Alright! I understand that!
    Well, and what would I do to have more than 60 fps and NO video/rendering/desktop tearing?

  7. #37
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    Quote Originally Posted by Niccola View Post
    Alright! I understand that!
    Well, and what would I do to have more than 60 fps and NO video/rendering/desktop tearing?
    You don't. If you update the screen faster than the refresh rate, you get tearing. That's what tearing is. You could do some things with multi-buffering, but the extra frames will just be discarded.

  8. #38
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    You don't. If you update the screen faster than the refresh rate, you get tearing.
    Agd5f knows this better than me, so I'll assume he's just inaccurate. Technically, you get tearing whenever there the rendering is trying to update the screen at the same time as the monitor is reading it, no matter the frame rate. Shortly said vsync means screen updates and monitor reads are timed so only full frames will be displayed. As a side effect, it doesn't update the screen more often than is necessary.

    If you're hitting 60 fps with vsync on you are already seeing the best your monitor can display. If you want anything better you'd need a faster monitor, though I doubt you'll notice the difference between 60 fps on a 120 Hz display and 120 fps on a 120 Hz display. It is mostly important for benchmarks and scaling, if we can render 300 fps at this resolution, you can render 100 fps at this resolution and 50 fps at this resolution. In itself it makes no sense to render 300 fps of anything, your mind can't keep up anyway.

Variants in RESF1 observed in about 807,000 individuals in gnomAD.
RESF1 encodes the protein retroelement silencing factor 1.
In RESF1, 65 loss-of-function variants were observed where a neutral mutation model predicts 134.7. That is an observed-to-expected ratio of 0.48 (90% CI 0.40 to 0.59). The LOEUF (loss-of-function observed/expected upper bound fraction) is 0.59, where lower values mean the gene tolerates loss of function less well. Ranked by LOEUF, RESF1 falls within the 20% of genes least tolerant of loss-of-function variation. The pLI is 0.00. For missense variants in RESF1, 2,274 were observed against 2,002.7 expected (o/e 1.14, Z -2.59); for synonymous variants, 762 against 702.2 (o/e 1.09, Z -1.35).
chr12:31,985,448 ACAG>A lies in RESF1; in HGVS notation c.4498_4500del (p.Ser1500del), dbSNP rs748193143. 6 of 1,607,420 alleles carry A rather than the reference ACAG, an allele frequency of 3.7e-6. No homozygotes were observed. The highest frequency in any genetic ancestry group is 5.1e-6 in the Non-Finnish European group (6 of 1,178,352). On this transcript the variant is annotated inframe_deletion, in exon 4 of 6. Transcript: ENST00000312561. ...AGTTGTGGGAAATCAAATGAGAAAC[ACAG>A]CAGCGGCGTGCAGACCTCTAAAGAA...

9. #39
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    Quote Originally Posted by Kjella View Post
    In itself it makes no sense to render 300 fps of anything, your mind can't keep up anyway.
    Your eyes, I should say. I think the cones in your eye is the limit, though biology is not my field. Blame the edit limit...

  10. #40
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    Quote Originally Posted by Kjella View Post
    Your eyes, I should say. I think the cones in your eye is the limit, though biology is not my field. Blame the edit limit...
    I know that! our eyes recognize a movement when frames are up to 12fps at least. But, the maximum frames per second that we are able to recognize.

    Look, I've another question. Some people says about a Compiz Benchmark that automatically adjust the best settings to performance.
    I've googled it but without results... You guys can tell me how to run and apply the compiz benchmark in my distro??
    thank you guys!